The implied conflation behind Islamophobia puts its critics closer to the alt-right by the inane left. It’s apparent that a good portion of leftists now stand with Muslim apologists who quite loftily claim representation of the entire Muslim community. Typically, as a non-sequitur, apologists bemoan about Muslims being “offended” individually and as a race, and some even argue boldly that Islam is full of liberties. Oscar Wilde once said in his famously gnomic wit, “A true gentleman is one who is never unintentionally rude”— “gentleman,” here, is of course arbitrary. Likewise, I’ve always preferred upholding dignity for myself and my fellow creatures over compassion and pity. The right kind of people don’t demand apologies or sulk obsessively in their own psyche. And when the worst kind of people demand such things, it’s utterly morally reprehensible.

Islamophobia operates in similar absurdity. It presents a face of kind solidarity when it is in fact an ugly, narcissistic infant who thinks it’s granted special rights. Theocratic mouthpieces use the word to smear advocates for individual freedoms and cover up horrid realities of Muslim societies. Meanwhile, willing liberals suck it up to put themselves on a gallant podium of identity politics. The Southern Poverty Law Center, displaying a wonderful example of this apologetic cant, discredited itself by placing Ayaan Hirsi Ali and Maajid Nawaz on their list of “anti-Muslim extremists.” Both defend the liberties of other Muslims and their only “crime” is calling out the very religious cruelties stagnating progress. Nawaz cleverly coined the slanderous organization, and those sharing similar sentiments, “regressive leftists.”

Most charges of Islamophobia begin like so: someone excoriate Islam for its doctrines and the violence it inspires, then a stunned listener accuses them of an attack on the whole population of Muslims, as if it were a grand ad hominem. A bizarre passing of short-circuiting in the accuser’s brain and ceases their ability to see difference between ideology and people. Most frustratingly, they want everyone else to believe their irrationalities, too. After all, the turgid slur amasses all Muslims under an umbrella of victimhood and claims to defend all of Islam even from Muslims offending for the sake of reform—who are the ones making grand statements, really?

 Here are the two groups of Muslims that must be made distinct and mustn’t be let off as unscathed victims, no matter how appeasers disallow their scathing. Jihad is the use of violence to advance Islam and Islamism is the politicization of Islam. In principle and practice, the Quran defends and orders jihad, and jihadists evoke it as far as interpretation allows it. By definition and inception, Islamism cannot exist without Islam and, in my judgment, is nearly congruent to clerical fascism. On citing incidents of either form of iniquity, there are simply far too many to name in one article.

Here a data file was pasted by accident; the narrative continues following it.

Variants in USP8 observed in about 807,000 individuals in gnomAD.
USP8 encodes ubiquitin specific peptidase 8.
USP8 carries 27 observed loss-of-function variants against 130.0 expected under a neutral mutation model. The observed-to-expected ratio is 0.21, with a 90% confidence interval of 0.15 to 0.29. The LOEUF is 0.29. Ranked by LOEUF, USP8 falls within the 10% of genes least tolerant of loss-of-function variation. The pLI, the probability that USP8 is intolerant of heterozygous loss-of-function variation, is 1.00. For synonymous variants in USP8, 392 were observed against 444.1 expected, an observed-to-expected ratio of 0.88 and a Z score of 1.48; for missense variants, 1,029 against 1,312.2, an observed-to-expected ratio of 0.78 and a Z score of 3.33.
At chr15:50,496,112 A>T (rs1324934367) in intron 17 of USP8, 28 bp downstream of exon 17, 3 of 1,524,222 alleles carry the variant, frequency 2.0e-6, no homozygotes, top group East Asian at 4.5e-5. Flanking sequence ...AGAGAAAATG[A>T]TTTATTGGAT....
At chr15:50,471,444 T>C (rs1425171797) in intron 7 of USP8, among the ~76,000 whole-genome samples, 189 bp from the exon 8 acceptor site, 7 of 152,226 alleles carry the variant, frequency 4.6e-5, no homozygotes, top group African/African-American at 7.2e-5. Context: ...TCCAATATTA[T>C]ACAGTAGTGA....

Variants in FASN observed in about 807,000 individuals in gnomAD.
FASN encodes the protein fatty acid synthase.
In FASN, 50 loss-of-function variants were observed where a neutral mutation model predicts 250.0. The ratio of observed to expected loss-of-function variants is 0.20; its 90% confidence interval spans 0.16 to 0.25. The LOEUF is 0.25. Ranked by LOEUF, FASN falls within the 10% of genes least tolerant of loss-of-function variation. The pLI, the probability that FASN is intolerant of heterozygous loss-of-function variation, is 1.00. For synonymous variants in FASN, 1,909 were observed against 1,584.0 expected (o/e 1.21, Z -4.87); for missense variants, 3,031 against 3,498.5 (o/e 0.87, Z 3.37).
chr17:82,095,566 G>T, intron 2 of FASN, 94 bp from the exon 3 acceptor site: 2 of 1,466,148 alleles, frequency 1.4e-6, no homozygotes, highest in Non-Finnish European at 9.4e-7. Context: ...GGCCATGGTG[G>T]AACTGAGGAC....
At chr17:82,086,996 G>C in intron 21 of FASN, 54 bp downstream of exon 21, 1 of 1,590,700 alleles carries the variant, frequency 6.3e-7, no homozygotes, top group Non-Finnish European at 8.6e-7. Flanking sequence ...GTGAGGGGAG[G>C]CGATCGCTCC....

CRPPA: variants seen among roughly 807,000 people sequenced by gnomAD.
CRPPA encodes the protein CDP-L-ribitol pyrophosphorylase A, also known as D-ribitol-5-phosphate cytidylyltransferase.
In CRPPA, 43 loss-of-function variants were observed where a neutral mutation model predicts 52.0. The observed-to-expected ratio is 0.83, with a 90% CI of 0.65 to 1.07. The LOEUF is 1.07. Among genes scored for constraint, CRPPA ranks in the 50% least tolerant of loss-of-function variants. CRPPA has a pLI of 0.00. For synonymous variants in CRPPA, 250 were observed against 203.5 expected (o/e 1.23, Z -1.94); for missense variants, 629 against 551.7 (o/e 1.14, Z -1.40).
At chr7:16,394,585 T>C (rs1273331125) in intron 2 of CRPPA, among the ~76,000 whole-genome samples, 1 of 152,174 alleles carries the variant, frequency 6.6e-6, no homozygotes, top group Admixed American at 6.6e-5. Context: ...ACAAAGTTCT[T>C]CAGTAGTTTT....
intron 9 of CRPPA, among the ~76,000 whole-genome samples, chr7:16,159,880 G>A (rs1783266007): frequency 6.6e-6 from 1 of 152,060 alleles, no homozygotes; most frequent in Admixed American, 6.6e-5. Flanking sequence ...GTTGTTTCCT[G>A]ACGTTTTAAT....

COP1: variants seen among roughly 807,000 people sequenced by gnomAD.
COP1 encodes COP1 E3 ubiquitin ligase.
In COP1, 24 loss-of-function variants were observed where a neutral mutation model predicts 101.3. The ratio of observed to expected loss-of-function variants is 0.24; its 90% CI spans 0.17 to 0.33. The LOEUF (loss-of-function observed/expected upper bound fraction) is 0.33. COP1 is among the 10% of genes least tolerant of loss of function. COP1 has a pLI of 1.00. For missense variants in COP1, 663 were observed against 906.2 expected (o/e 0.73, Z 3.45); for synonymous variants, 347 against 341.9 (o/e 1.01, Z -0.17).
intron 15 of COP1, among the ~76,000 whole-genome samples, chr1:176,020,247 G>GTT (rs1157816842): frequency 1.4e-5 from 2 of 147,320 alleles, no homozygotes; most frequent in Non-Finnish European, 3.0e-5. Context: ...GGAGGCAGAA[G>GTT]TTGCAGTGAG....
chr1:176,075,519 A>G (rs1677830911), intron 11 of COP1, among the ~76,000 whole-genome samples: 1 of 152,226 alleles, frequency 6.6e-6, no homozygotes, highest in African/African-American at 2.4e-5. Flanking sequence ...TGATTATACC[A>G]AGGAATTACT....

But just to give a primer for the sake of argument, in the past few years and ongoing, jihadists bombed and beheaded Coptic Orthodox Christians in Egypt where they comprise about ten percent of the Egyptian population (the CIA Factbook shows this number; some other statistics suggest more). In Iraq, Salafi jihadists like the Islamic State slaughter and enslave Yazidis due to their Yazidi beliefs which the Salafi regard as apostasy. In Indonesia, Islamists from Aceh revolted in numerous attempts to sever their oil-rich, sharia-abiding region from a relatively more pluralist Indonesian body. In Xinjiang, Uyghur jihadists and nationalists, some of whom trained by the Taliban and al-Qaeda, attack not only Han Chinese but also Hui Muslims over historical feuds and their non-Turkic ancestors. These are just a few examples from a plethora of grotesque assaults and factions inspired by Islam and its multifarious mutations. Each case certainly comes from causes unique to their political and historical contingencies but all of them share two essential qualities: (1) they occur independently from Western intervention and (2) Islam justifies, or nominally justifies, their heinous acts.